But despite being surrounded by nature when she was growing up she didn’t really appreciate it until she travelled to Africa. “I saw strange wildlife that had big teeth and trunks and suddenly I became much more aware of the natural world. It was the unfamiliar that turned me on to the familiar, it tapped into something.”
“Wildlife is something we see every day and although you might not think there’s anything extraordinary about a blue tit, if you stop and watch it and see what it does, then actually there is.”
Humble spent a year in Africa working as a waitress on a crocodile farm in Zambia and a truck driver for a safari company before returning to the UK in 1989.
She came up with the the idea of working in TV. “I thought it would be interesting, although I’m not sure where that came from. We used to watch The Muppets as a family but we weren’t avid TV viewers.”
Nevertheless, she got a job for corporate video company starting out as a runner and tea maker. “I never planned to be on screen, I was much more interested in being a researcher because I loved tracking down experts and getting them to explain things.”
She joined the BBC in 1997 working on the Holiday programme. “I was described as a travel writer, which was slightly over-generous, and on the second day I was asked to do a screen test. I protested but agreed to do it thinking it would quickly be forgotten, but three weeks later I was presenting a programme in France.”
From here she quickly made her way up the TV ladder, becoming a presenter on Animal Park and making regular appearances on Countryfile and Top Gear. Then in 2002, she teamed up with bird-watching former Goodie Bill Oddie and wildlife camerman Simon King to do a week of live wildlife programmes from gardens in Bristol. This paved the way for Springwatch, which has become a fimr favourite with viewers.
Over the years she has made wildlife programmes all over the world and says some of her most memorable experiences have come from filming underwater. “I swam with basking sharks off the coast of Scotland. I’d never seen one up close before and it was just extraordinary, although seeing something seven metres long coming towards you with its mouth wide open is a bit disconcerting. You know it won’t eat you but you can’t help thinking ‘can it really differentiate between me and plankton?’ But to see it in its own habitat like this was a very humbling experience.”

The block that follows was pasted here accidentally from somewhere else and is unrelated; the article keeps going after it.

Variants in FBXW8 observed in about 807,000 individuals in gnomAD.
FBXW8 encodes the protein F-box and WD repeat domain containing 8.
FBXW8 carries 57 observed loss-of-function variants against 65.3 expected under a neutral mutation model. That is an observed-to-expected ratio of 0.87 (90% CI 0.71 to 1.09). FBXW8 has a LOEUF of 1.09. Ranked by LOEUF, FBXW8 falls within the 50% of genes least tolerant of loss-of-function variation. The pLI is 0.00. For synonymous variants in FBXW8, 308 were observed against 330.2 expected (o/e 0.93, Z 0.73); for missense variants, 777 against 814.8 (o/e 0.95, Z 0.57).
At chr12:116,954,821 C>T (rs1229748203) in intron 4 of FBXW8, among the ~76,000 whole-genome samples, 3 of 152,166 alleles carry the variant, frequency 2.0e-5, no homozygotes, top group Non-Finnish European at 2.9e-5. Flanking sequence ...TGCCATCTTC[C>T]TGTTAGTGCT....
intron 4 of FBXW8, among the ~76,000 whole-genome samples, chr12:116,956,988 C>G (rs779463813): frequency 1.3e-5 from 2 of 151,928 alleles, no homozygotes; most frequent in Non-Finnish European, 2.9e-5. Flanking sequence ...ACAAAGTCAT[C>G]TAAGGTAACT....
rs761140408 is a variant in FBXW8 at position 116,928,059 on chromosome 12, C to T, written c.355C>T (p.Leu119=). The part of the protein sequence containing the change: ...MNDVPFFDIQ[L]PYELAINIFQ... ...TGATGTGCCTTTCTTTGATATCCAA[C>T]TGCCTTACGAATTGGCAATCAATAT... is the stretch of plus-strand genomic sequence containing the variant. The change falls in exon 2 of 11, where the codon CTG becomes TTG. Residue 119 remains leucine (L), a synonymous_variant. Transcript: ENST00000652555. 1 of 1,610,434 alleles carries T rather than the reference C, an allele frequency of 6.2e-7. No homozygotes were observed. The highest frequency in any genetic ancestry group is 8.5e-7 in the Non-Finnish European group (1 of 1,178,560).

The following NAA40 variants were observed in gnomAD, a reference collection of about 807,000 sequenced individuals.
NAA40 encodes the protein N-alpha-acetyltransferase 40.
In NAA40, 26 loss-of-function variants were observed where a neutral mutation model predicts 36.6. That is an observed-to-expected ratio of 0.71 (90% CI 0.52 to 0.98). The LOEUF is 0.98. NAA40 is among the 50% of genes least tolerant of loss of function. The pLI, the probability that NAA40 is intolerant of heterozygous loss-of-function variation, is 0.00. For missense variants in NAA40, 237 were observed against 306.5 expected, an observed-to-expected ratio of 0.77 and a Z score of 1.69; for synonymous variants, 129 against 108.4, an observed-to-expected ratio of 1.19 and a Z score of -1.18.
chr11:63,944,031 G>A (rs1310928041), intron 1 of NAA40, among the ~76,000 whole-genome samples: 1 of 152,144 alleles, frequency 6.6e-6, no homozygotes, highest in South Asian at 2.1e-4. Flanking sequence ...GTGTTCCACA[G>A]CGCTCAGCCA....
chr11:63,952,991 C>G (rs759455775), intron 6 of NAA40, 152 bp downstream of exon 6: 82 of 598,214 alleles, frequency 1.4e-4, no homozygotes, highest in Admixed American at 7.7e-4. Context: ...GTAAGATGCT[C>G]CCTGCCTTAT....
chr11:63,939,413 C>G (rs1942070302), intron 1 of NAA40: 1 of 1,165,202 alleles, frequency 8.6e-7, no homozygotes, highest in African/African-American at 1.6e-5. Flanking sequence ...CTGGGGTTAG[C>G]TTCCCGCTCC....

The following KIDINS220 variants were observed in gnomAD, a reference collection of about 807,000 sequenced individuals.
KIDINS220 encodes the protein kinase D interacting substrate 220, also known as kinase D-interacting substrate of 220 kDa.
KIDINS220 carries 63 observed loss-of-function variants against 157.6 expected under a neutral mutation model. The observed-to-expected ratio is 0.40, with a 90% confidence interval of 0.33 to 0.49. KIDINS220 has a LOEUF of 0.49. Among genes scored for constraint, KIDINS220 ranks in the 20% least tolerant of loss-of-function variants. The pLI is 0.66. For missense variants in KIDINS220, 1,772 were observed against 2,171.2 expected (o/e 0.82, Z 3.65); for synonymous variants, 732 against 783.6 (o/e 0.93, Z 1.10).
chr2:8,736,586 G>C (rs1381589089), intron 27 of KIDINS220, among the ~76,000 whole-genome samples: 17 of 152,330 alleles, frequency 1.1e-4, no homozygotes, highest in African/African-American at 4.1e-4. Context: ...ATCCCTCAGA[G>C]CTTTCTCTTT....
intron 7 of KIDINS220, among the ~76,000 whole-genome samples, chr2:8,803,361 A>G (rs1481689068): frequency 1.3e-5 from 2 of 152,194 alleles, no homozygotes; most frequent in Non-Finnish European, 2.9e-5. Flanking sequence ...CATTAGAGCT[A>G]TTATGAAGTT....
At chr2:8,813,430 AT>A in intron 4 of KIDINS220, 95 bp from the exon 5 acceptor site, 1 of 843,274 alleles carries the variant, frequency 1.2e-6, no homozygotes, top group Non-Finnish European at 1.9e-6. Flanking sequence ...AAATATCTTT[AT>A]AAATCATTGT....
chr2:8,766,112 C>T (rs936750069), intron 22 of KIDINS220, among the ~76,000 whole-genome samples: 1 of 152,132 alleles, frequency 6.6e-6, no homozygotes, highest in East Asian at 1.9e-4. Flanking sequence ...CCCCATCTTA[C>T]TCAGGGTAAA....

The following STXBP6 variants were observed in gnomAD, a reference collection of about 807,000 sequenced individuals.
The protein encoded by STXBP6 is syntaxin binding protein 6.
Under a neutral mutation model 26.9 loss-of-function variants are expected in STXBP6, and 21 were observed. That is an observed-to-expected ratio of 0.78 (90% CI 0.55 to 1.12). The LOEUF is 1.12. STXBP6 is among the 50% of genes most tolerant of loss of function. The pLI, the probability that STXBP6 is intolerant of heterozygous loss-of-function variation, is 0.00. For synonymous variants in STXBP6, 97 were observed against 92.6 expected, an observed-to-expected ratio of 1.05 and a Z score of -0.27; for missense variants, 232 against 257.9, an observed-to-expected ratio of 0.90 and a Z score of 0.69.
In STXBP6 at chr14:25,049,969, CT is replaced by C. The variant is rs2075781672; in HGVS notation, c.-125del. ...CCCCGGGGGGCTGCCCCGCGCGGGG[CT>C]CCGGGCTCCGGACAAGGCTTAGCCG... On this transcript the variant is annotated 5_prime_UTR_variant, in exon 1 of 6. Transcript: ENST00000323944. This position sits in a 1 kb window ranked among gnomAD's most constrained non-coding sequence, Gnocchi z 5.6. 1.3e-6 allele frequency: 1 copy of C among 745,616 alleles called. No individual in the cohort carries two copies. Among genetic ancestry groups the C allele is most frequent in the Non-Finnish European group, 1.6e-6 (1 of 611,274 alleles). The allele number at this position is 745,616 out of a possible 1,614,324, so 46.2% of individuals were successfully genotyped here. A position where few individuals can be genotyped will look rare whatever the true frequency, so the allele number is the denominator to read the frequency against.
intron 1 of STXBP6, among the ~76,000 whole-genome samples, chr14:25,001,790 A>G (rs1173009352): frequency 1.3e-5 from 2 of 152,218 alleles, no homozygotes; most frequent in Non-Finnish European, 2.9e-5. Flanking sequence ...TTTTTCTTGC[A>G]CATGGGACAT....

She recalls another occasion when she was filming off the west coast of America. “I was lying on the sea bed talking into a special mic about cushion stars and the cameraman pointed to a sea lion that was looking at me. It was quite young and it had this wonderful quizzical expression and then it started showing off and doing this balletic display, it was gorgeous.” Has she ever been in situations where she’s felt scared? “We were in the Amazon filming underwater and there was virtually no visibility and you’d get hit by something and you had no idea what it was, which was very disconcerting. Also when you’re filming sharks you have to be aware, because they’re much better at being underwater than you are.”
She says one of the closest shaves was when she wasn’t actually filming. “We were in Africa and a hippo came under our boat. They’re very territorial and they’re responsible for more deaths in Africa than any other animal. We were in a canoe and it was very scary and for a moment I thought my number was up. The hippo was just six feet away although I swear it was laughing at us.”
But she’s worried that we’re losing our sense of connection with the land. “We now have a generation of parents that don’t know how to grow their own veg and don’t know what some animals look like and that’s being passed on to their children. It scares me, it really does,” she says. “So we’re trying, in our very small way, to give people a sense of the value of the land and what it does for us.”
She hopes, too, that programmes like Springwatch and Autumnwatch can help make the natural world more accessible. “We talk about birds and animals that everyone can see and experience. A lot of people do feel disconnected from the countryside and hopefully shows like these can bridge that gap.
“I think people need to realise that wildlife is for everyone to enjoy and that you don’t have to wear khaki and have expensive binoculars to be allowed into the gang.”
Kate Humble is appearing at Kings Hall, Ilkley, on October 15. For more information call the festival box office on 01943 816714. Humble By Nature, published by Headline, is out now priced £16.99.